Ewart Duggan House

The Ewart Duggan House was built in 1887 for local businessman John Ewart by contractor Harry Yuill using bricks produced locally by the McCord brickyard. This magnificent house stands on Medicine Hat’s historic First Street and is acknowledged as the oldest brick residence in Alberta still on its original foundation built with locally-produced bricks. Overlooking the South Saskatchewan River, this classic two storey Victorian design remained the Ewart Duggan family home until 1987. The Province of Alberta designated the house a Provincial Historic Site in 1993, preserving it for future generations to enjoy. In 2002, the house was donated by I-XL Brick Industries to the City of Medicine Hat under the stewardship of the Esplanade Arts and Heritage Centre.

Heritage Garden

Since 2010, the Heritage Garden sub-committee of the Heritage Resources Committee has met several times, with members doing research in between. The goal has been to create a plan for a garden which will reflect an upper middle class residence in Medicine Hat, during the late 1800’s and early 1900’s. They have found archival photos of the Ewart Duggan House, and other houses in Medicine Hat and in other prairie communities during the late 1800’s and early 1900’s. They have also found plant lists and garden descriptions for the time period. The on-site inspections have looked at sight lines, adjacent buildings, existing plant material, and existing built surroundings.

The results of the research led us to the following conclusions:

• The garden and landscaping will be growing and changing. For example, the earliest photos show very small trees, a picket fence, and a wide open surrounding of prairie grasses. Of course, the landscaping would mature and change rapidly. Our garden will not be a static snapshot but a growing useful landscape.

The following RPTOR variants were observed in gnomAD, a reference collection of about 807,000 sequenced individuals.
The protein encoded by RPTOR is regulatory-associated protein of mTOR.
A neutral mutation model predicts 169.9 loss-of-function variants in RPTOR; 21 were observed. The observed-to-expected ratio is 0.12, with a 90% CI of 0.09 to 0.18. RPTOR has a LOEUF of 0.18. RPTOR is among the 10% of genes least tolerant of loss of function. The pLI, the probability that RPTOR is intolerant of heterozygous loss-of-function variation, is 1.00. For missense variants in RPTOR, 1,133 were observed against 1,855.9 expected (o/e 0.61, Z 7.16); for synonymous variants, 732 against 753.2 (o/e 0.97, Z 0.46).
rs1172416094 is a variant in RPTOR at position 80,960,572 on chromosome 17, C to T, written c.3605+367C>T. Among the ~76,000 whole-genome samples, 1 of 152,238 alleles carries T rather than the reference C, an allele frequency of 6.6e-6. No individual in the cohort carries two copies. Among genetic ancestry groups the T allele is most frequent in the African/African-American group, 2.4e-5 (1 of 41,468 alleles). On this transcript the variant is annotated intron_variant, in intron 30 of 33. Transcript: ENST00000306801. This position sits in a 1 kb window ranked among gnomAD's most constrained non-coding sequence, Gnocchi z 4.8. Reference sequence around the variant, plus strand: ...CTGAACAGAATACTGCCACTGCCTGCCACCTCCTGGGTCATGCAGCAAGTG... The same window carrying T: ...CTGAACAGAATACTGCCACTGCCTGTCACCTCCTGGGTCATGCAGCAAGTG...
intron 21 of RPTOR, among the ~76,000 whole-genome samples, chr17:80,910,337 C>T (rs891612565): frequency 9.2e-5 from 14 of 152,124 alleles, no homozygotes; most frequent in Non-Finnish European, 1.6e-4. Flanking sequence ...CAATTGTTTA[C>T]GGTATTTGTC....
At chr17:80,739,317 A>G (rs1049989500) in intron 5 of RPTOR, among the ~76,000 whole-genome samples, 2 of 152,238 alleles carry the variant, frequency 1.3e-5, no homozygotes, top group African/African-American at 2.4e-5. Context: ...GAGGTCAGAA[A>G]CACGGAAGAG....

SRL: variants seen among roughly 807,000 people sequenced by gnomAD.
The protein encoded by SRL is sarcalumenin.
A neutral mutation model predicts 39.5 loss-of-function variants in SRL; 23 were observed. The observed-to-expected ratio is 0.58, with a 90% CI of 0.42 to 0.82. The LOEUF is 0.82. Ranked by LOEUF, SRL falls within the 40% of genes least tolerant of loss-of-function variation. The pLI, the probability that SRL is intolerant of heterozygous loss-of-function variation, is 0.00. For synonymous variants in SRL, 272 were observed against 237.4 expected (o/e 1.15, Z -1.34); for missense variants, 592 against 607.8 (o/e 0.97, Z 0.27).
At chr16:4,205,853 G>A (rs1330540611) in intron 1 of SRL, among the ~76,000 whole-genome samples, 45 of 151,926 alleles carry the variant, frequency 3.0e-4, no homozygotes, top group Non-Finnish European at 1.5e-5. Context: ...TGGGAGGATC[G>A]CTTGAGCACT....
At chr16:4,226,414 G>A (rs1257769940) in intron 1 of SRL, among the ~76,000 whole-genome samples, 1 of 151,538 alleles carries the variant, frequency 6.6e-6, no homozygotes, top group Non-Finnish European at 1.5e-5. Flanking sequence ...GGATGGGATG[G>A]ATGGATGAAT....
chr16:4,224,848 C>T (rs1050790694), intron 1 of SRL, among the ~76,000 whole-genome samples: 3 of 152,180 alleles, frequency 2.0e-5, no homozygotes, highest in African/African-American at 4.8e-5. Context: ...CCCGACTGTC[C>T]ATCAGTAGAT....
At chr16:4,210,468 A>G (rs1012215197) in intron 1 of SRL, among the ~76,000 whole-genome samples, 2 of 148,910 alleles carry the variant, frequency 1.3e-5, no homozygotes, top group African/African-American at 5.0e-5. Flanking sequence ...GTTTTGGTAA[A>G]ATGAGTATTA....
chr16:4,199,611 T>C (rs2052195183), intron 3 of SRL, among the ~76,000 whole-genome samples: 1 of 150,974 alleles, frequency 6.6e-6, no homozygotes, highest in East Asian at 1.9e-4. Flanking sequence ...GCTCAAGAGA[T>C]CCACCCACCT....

• We have planned for minimal watering, partly because there would not have been regular watering. There is also concern that too much water is presently damaging the foundation of the house.

• Gardens of the period were meant to be used. They would produce food. Our plan calls for fruit production; rhubarb, raspberries, and fruit trees. Vegetables would have been historically accurate, but are not recommended for our project.

• The garden would be a gathering area. This new landscape plan is designed to be inviting. Visitors are encouraged to stroll through the grounds, sit quietly, or visit amongst the flowers.

• Flowers of the time tended to be tall. Old fashioned varieties suit the walking and sitting garden. Blossoms are held up high to be enjoyed at close range. (Modern varieties may be short, and often less fragrant. Beds of modern short flowers are best viewed from a distance rather than looking down on them.)

• The fence is an important feature. Historically, it would have separated the residence from the open prairie and kept out the livestock or wildlife. The fence will be built to visually separate the Ewart Duggan House from its surroundings, but with open gates and entry ways to invite visitors in.

• Our plan will surround the Ewart Duggan House with inviting, appropriate landscaping, while drawing attention to the architecture and history of the house itself.